The oceans take up over 1 million tons of anthropogenic CO2 per hour, increasing dissolved pCO2 and decreasing seawater pH in a process called ocean acidification (OA). At the same time greenhouse warming of the surface ocean results in enhanced stratification and shoaling of upper mixed layers, exposing photosynthetic organisms dwelling there to increased visible and UV radiation as well as to a decreased nutrient supply. In addition, ocean warming and anthropogenic eutrophication reduce the concentration of dissolved O2 in seawater, contributing to the spread of hypoxic zones. All of these global changes interact to affect marine primary producers. Such interactions have been documented, but to a much smaller extent compared to the responses to each single driver. The combined effects could be synergistic, neutral, or antagonistic depending on species or the physiological processes involved as well as experimental setups. For most calcifying algae, the combined impacts of acidification, solar UV, and/or elevated temperature clearly reduce their calcification; for diatoms, elevated CO2 and light levels interact to enhance their growth at low levels of sunlight but inhibit it at high levels. For most photosynthetic nitrogen fixers (diazotrophs), acidification associated with elevated CO2 may enhance their N2 fixation activity, but interactions with other environmental variables such as trace metal availability may neutralize or even reverse these effects. Macroalgae, on the other hand, either as juveniles or adults, appear to benefit from elevated CO2 with enhanced growth rates and tolerance to lowered pH. There has been little documentation of deoxygenation effects on primary producers, although theoretically elevated CO2 and decreased O2 concentrations could selectively enhance carboxylation over oxygenation catalyzed by ribulose-1,5-bisphosphate carboxylase/oxygenase and thereby benefit autotrophs. Overall, most ocean-based global change biology studies have used single and/or double stressors in laboratory tests. This overview examines the combined effects of OA with other features such as warming, solar UV radiation, and deoxygenation, focusing on primary producers.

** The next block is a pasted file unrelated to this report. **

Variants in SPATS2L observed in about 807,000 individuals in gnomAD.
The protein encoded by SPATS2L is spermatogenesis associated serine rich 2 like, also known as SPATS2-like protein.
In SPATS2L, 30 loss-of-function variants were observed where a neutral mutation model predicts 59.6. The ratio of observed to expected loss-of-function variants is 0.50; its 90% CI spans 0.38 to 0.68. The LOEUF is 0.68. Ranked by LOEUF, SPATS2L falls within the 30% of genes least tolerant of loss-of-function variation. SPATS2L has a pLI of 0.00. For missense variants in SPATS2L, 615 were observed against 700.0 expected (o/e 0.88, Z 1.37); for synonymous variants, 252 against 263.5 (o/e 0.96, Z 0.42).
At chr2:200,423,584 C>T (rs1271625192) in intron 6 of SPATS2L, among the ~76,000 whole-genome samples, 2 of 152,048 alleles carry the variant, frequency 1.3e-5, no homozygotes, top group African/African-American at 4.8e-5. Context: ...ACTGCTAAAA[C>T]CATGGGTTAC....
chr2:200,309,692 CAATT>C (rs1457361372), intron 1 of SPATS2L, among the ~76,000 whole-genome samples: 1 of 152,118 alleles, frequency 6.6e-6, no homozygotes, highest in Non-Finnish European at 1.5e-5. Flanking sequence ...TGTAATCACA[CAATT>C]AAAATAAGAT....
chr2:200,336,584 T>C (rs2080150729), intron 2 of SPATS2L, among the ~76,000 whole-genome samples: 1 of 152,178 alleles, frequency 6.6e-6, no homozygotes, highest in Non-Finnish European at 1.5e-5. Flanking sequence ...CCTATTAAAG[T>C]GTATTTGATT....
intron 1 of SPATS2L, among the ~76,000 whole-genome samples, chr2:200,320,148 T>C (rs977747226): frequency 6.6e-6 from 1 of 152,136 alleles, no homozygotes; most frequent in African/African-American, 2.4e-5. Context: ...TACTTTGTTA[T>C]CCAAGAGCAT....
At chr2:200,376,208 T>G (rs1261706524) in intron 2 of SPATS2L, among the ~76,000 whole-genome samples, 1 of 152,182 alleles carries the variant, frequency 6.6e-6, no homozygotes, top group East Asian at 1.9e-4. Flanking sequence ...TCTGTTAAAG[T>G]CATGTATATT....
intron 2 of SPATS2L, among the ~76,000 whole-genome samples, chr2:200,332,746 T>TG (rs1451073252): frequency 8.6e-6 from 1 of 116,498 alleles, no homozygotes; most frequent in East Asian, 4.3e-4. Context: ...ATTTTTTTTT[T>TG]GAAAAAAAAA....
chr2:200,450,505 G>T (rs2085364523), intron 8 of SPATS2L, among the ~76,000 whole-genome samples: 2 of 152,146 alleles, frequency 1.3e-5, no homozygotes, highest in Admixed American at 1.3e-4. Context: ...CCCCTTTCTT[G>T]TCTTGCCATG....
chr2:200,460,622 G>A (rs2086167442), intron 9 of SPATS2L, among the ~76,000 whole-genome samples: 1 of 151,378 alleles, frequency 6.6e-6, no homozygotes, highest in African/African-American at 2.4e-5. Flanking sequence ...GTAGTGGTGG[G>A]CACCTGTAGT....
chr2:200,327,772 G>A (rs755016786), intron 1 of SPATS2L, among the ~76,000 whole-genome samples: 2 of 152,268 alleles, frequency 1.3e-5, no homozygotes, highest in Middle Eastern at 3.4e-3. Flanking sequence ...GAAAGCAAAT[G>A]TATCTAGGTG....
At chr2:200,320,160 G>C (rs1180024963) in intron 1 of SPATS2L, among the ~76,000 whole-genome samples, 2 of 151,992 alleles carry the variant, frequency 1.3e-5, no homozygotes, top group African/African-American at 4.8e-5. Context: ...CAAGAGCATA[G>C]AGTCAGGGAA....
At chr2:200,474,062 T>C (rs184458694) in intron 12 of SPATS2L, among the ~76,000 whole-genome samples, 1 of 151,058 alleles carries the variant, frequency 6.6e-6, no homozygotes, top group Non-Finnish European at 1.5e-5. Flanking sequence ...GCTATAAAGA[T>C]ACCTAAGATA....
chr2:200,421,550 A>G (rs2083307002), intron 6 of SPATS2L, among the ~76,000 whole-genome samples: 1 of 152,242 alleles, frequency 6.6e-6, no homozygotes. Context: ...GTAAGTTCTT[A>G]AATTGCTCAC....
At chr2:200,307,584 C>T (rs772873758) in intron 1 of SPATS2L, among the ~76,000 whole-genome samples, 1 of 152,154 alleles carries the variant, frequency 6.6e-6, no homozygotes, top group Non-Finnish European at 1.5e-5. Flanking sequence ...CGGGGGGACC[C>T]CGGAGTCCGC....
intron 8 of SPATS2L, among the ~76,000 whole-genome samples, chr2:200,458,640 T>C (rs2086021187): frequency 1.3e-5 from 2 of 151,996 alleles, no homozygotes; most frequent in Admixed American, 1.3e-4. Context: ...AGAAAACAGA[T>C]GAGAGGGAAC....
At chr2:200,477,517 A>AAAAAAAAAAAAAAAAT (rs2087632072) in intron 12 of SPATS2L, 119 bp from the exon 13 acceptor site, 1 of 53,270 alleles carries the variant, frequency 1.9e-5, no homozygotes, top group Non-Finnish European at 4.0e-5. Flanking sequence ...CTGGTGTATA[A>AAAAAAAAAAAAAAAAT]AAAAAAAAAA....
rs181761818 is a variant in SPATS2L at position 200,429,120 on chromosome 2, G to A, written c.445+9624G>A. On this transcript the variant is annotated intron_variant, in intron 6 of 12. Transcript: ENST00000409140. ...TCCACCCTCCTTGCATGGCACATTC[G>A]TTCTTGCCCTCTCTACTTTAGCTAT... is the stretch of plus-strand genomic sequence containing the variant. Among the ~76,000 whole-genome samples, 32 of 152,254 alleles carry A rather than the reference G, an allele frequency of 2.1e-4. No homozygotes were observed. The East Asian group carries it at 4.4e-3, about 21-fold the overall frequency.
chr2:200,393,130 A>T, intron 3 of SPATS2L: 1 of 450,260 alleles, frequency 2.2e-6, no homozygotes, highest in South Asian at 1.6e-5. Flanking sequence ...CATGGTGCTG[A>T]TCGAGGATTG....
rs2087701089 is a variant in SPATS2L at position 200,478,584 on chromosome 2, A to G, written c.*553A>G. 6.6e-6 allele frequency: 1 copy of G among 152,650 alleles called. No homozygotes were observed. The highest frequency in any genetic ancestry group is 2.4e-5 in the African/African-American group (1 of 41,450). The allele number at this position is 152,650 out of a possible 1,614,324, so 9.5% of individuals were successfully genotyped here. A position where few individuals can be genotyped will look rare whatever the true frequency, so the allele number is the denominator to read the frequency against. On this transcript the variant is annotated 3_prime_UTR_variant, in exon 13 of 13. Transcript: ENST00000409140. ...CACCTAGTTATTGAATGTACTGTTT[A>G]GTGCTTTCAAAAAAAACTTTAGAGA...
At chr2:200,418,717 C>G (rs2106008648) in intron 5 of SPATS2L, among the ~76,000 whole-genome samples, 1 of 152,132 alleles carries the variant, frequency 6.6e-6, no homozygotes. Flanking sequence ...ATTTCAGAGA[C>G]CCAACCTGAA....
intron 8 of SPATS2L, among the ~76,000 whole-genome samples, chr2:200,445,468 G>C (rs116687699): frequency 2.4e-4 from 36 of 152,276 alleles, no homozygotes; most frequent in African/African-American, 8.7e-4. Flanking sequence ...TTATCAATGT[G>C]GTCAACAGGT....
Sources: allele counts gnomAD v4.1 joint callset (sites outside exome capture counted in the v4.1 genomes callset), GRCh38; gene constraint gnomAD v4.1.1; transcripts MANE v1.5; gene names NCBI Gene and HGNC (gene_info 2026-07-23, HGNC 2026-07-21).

Continue reading ‘Effects of ocean acidification on marine photosynthetic organisms under the concurrent influences of warming, UV radiation, and deoxygenation’